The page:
Weekly and Daily Conflicting Opportunities in IBM
07/08/2009 12:01 am EST
If you look in isolation at IBM’s daily chart, you might want to get aggressively short right here and right now thanks to a breakdown of support. However, if you look only at IBM’s weekly chart, you might want to get aggressively bullish thanks to confluence support. So, what does a trader do? Well first, let’s start with IBM’s weekly chart:
I actually cheated and added extra analysis for you to give a little more insight.
The main idea (ignoring the Elliott notation for a moment) is that the $100 price level offers three levels of confluence support, first from the convergence (and bullish crossover) of the 20- and 50-week EMAs.
Next, we see that a truncated Fibonacci grid from the 2008 highs (can you believe IBM peaked in mid-2008 instead of late 2007?) to the November closing lows yields the 50% retracement at $100.81.
Taken together, when a Fibonacci node intersects an EMA confluence, that yields powerful support.
Looking at these two facts, one might want to get aggressively long and place a stop conservatively around $98 or aggressively beneath $95.
With this bullish scenario in mind (again, ignoring the “bear flag” and Elliott Wave—we’ll come back to that), let’s look to see what IBM’s daily chart reveals.
Again, using basic technicals, we see a lengthy upswing that may be ending. Price formed a “shooting star” bearish reversal candle at $110 and has fallen to the $100 level, breaking down beneath the rising 20- and 50-day EMA, along with an up-sloping trend line connecting multiple lows.
There was also a negative momentum divergence that has peaked at the March momentum high—that’s a non-confirmation of higher prices.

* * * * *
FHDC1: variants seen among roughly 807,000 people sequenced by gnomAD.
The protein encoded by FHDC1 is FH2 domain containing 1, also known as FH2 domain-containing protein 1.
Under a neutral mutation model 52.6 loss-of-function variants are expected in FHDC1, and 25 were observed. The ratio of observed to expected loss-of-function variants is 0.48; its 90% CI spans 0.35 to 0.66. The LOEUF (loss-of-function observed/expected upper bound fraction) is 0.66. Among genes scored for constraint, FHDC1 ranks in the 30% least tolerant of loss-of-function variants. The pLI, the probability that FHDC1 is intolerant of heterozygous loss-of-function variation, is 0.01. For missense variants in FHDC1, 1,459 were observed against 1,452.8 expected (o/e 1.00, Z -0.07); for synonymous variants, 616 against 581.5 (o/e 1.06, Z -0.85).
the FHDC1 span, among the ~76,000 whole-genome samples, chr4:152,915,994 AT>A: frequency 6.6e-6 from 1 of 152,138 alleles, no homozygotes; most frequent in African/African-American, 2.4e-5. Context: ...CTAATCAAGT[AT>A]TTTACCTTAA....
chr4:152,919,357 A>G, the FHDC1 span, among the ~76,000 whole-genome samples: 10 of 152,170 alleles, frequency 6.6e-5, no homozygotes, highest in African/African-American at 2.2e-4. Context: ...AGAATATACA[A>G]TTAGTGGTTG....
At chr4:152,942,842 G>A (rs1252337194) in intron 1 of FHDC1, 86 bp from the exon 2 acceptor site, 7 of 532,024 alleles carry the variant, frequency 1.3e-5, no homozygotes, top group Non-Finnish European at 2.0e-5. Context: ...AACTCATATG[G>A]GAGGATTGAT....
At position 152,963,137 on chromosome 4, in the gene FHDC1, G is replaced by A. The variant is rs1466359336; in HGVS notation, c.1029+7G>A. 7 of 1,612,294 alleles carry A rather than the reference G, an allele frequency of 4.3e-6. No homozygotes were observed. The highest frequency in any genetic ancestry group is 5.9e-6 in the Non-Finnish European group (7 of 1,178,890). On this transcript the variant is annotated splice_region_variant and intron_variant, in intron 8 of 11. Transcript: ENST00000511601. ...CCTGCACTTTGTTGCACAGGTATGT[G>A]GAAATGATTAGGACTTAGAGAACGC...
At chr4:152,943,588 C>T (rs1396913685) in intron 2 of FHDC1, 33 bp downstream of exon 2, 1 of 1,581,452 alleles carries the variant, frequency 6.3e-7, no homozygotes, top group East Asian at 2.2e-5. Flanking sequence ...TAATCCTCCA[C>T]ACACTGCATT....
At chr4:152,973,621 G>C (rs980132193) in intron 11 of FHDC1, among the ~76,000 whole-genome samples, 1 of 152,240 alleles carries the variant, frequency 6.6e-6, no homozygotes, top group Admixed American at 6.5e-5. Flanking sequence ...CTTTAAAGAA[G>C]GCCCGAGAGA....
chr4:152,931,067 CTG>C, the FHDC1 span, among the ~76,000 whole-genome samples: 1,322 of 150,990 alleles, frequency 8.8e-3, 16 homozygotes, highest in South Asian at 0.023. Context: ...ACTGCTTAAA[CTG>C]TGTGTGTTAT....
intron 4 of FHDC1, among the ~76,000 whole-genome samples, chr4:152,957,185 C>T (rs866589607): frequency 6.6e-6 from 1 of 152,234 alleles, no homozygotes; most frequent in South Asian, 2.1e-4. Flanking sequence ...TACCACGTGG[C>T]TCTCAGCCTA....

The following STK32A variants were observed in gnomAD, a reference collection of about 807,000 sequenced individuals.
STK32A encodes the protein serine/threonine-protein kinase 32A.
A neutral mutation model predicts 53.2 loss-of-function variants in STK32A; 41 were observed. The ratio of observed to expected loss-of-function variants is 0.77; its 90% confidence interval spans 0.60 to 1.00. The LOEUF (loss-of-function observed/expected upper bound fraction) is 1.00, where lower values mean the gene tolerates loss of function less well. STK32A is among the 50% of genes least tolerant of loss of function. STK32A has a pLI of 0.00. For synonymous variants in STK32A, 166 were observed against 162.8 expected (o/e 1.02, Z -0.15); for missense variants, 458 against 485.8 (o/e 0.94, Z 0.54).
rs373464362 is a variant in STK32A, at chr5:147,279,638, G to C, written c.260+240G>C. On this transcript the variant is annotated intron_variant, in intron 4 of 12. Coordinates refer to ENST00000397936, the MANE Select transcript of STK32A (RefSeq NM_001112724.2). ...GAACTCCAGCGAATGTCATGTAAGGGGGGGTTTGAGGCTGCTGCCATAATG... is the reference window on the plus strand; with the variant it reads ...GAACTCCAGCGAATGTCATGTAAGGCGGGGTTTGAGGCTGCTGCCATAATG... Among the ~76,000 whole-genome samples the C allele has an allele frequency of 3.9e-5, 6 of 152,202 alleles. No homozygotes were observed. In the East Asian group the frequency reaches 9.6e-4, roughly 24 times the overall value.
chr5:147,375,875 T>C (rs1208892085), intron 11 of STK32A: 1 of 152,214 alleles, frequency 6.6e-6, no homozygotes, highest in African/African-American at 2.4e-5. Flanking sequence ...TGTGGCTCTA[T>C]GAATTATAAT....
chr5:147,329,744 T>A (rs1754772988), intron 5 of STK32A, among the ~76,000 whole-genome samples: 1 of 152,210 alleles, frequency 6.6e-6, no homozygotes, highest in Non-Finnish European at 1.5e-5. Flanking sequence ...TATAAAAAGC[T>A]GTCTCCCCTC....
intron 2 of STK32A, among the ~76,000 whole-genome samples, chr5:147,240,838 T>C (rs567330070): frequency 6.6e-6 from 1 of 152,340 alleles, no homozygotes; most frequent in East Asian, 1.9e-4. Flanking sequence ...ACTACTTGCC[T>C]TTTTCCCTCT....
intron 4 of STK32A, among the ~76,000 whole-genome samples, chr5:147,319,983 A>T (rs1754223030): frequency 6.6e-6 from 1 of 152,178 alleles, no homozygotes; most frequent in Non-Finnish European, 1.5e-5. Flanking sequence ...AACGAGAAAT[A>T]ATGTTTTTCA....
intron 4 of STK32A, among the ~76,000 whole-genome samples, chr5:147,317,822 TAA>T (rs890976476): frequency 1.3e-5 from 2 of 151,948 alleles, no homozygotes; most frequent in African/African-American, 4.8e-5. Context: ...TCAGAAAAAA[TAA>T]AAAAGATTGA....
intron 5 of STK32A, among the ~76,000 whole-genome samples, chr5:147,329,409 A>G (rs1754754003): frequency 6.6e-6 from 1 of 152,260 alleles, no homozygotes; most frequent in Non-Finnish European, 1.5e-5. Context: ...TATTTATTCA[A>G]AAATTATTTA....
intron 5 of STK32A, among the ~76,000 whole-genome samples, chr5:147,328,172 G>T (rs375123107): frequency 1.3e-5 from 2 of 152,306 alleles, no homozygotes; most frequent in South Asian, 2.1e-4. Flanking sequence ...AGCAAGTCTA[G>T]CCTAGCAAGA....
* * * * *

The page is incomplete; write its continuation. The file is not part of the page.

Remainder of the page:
Using this in isolation, a trader might get aggressively short and place a stop above $105 and play perhaps for a target of $84.
With simple technicals showing the weekly chart at confluence support, and also showing the daily chart breaking down from confluence support, what is a trader to do?
My main point in this post is to alert you that in most cases, simple chart reading will be effective. However, do not look at a single chart in isolation. Instead, always look at a higher (or sometimes, lower) time frame using those same simple technicals to see what the picture really is and if you’re seeing the charts telling a similar “story.”
In this case, you’re not, so if you’re a newer trader, it’s probably better to wait for a breakdown of confluence support on the weekly chart before getting short. After all, those confluence levels could hold as support, as anticipated. You can always move on and trade other stocks that have clearer patterns to you in the meantime.
As a bonus for more advanced readers, we see the Elliott Wave structure (possible count) hinting that a Wave C decline might be in the cards, as well as a potential to break down from a possible massive bear flag. Traders unfamiliar with chart patterns or Elliott Wave (and no, you don’t have to know everything to trade successfully) would be unaware of these additional insights.
Stick with what you know, know your risk on a trade, and study multiple time frames for structure.
By Corey Rosenbloom of AfraidToTrade.com
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